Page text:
This weekend, Spanish screens premiere Ferrari, the latest work by Michael Mann that tells the story of the founder of the iconic Prancing Horse team, Enzo Ferrari. The film focuses on the critical year of 1957 in the life of the legendary motor racing entrepreneur. With a stellar cast led by Adam Driver, Penélope Cruz and Shailene Woodley, the film is destined to become a box office success.

The film offers an intimate and complex portrait of Enzo Ferrari, moving away from the typical glorification of heroes to explore his humanity and internal conflicts. Without reservation, she explores the shadows of his life, revealing moments of doubt, vulnerability and despair, as well as his remarkable triumphs and achievements.

Behind Ferrari’s production, there are numerous situations and creative decisions that the viewer does not know in detail. From the careful selection of the cast to the meticulous recreation of the period and historical events, every aspect of the film has been planned and executed to the millimeter to capture the essence of Enzo Ferrari’s life.

Next, we are going to discover some of the insides of Ferrari, revealing the secrets hidden behind the cameras and that have contributed to bringing this fascinating story to life on the big screen.

In the film you can see both original cars and replicas specially built to recreate the era with precision and authenticity. Original cars that took part in the Mille Miglia appear, such as Mercedes Benz 300 SL, Porsches and some Ferraris that compete in the film recreating the 1957 race.

Robert Nagle, stunt coordinator, explains that during the filming of the film word spread and the owners of some of those original cars began calling production to say: “I have a 1957 car that ran in the Mile Miglia, did it? Do you want to use it in the movie?”

One of the biggest challenges with historical films, especially those featuring vintage automobiles, is finding authentic vehicles that fit the specific period portrayed on screen. Unable to find them, production teams turn to making replicas, a complex process that requires expert craftsmanship.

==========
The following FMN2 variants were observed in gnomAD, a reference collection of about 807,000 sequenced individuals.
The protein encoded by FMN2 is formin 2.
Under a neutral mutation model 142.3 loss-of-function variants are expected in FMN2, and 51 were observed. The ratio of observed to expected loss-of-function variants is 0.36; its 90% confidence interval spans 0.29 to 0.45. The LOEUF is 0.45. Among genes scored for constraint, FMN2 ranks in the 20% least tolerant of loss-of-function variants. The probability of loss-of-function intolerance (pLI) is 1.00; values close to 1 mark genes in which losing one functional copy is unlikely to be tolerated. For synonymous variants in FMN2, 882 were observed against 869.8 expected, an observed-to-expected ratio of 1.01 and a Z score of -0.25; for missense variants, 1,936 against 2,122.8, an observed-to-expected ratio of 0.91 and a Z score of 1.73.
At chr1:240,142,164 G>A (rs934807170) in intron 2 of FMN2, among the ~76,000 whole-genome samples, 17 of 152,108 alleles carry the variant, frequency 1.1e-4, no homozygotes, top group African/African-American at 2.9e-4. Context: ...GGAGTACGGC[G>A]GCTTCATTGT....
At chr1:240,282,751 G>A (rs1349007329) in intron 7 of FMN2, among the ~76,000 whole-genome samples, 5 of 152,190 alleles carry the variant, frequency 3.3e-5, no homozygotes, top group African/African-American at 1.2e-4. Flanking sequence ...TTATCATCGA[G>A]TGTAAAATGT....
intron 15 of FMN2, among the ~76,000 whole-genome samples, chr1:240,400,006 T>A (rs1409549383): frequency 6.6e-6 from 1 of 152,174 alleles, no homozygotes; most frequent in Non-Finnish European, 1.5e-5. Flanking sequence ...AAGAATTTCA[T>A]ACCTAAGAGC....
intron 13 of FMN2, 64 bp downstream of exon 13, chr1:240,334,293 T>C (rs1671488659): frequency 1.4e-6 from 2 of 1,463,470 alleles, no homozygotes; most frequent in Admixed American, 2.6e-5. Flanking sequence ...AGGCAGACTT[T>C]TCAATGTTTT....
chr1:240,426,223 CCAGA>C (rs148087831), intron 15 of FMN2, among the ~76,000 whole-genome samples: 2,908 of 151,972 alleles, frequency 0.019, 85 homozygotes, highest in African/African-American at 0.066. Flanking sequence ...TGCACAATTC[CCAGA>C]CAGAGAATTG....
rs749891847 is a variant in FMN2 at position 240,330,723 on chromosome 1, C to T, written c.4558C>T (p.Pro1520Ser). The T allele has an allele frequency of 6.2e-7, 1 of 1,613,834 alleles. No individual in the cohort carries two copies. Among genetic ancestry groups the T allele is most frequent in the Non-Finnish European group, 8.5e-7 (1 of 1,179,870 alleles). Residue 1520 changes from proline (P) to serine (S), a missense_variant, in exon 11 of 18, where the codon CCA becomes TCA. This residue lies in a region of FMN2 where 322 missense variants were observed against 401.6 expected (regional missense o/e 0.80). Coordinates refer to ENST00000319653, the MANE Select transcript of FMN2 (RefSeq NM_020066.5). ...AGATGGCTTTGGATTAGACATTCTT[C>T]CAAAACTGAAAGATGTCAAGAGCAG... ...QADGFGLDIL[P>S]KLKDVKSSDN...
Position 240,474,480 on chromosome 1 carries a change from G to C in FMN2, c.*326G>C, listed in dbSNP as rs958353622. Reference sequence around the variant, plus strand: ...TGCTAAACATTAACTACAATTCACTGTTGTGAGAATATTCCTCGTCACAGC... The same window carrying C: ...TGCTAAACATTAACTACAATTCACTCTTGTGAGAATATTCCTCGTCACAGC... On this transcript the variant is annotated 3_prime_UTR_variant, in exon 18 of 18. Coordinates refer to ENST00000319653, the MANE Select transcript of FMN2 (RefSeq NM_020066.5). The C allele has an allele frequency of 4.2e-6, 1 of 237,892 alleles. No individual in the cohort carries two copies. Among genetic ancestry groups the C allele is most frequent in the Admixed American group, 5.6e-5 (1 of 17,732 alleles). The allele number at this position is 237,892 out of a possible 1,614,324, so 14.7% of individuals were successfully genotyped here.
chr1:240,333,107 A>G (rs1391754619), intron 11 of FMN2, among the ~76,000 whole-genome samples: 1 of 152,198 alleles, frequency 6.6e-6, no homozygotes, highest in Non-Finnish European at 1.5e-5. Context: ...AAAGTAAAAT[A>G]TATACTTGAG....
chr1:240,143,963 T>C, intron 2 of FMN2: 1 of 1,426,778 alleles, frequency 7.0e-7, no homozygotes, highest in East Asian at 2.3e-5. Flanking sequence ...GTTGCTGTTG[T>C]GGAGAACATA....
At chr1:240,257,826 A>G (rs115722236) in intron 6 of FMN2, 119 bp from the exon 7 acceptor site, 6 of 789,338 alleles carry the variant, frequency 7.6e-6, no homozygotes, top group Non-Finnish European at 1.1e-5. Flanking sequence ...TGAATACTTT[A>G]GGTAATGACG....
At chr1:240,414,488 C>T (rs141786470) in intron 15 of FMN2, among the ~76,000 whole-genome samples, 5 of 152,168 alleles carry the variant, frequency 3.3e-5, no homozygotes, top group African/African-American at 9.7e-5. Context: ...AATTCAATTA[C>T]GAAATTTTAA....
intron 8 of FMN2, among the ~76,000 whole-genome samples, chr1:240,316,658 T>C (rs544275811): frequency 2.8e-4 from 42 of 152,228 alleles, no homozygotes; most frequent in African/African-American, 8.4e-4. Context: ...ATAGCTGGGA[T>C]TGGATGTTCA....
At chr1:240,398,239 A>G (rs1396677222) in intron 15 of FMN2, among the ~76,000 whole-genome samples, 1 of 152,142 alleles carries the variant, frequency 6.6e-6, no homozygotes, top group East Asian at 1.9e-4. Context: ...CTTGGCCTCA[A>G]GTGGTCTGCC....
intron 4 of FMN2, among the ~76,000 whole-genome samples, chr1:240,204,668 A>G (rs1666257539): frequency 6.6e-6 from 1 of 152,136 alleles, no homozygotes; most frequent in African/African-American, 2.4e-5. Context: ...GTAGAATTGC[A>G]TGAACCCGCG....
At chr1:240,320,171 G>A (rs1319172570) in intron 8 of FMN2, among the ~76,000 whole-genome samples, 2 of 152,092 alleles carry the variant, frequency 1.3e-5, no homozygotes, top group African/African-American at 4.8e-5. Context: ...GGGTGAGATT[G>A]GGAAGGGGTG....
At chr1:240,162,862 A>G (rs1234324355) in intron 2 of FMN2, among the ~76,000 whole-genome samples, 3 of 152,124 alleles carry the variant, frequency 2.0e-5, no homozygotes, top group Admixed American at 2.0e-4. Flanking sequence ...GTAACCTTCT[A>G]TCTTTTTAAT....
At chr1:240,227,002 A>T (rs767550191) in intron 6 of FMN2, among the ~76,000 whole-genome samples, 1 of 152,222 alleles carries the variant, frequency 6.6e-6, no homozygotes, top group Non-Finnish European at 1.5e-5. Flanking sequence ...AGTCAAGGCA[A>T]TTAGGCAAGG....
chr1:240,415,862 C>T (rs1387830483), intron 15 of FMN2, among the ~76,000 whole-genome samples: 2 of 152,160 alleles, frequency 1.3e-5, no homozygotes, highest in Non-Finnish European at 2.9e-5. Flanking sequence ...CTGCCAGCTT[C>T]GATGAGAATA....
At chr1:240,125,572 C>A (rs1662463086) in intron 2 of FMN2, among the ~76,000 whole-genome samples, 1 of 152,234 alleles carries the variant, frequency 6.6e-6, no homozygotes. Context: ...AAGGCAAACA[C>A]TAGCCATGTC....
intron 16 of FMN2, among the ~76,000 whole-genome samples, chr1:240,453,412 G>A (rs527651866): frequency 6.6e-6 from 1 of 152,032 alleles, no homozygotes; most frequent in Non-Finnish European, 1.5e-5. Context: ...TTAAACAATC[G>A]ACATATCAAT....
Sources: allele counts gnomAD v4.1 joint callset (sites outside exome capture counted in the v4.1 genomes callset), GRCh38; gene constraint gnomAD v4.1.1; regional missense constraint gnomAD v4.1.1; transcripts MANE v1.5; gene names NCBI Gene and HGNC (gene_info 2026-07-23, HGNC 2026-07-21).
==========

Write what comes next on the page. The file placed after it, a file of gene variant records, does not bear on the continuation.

Thanks to Michael Mann’s contacts with Ferrari, which date back to the days of Miami Vice, the film’s producers managed to identify several original cars that were 3D scanned. A UK company was responsible for building the chassis and assembling the body. The result of the replicas is amazing: “The cars look like Ferraris or Maseratis from 1950, but if you turn them around, everything is modern machinery,” says Robert Nagle, one of the best specialists for driving scenes.

Penélope Cruz plays Laura Garello, Enzo Ferrari’s wife, in the film. In the film’s production notes, the Madrid actress says that she visited people close to the woman and reveals an anecdote that has to do with her strong character. “This doesn’t appear in the movie, but Laura used to sleep near the tires at races to make sure no one stole anything.”

Some scenes reveal the power that Laura Garello exercised over the Ferrari company. In one of them, the engineering staff threatens to leave the team if Laura continues making visits to the production department. Enzo Ferrari’s reaction was instantaneous and he fired all the engineers.

The film was shot during the summer of 2022, in the Modena region, the birthplace of Enzo Ferrari. It was one of Mann’s wishes, and he finally managed to find the perfect locations to capture the essence and atmosphere of Ferrari’s life. To recreate the factory, the production team had a very extensive photographic archive of the factory and plant plans.

They found a factory that, although not from the same era, had a patio covered with cobblestones that matched what they had seen in the photographs. In the end, they only had to build the entrance and an office to complete the authenticity of the scene.

Jack O’Connell was selected for the role of driver Peter Collins and worked under Robert Nagle, who was responsible for acclimating the actors to the conditions of being a racing driver. “The objective of that kind of camp was above all for us actors to understand the mentality of a racing driver,” explains the British actor.

O’Connell has revealed that “the driving scenes that we had to perform in front of the camera are very few compared to those we did without being filmed.” So many hours behind the wheel had the result of “seeing how motorized you feel and how mechanical your brain ends up being.” “It was very useful, because obviously when you’re behind the wheel you don’t concentrate on anything else.”

The film’s director was particularly interested in finding the right music for the racing sequences. Mann entrusted this task to Oscar-nominated composer Daniel Pemberton. “One of the first things I realized in ‘Ferrari’ was that sound was part of the narrative. The sound of the vehicles is a key element in the racing sequences,” adds the composer.

“I needed to compose something that wouldn’t get in the way of the engines, but wouldn’t clash with them, in terms of frequencies, and that would also provide an element of drama, rhythm and emotion,” concludes Pemberton.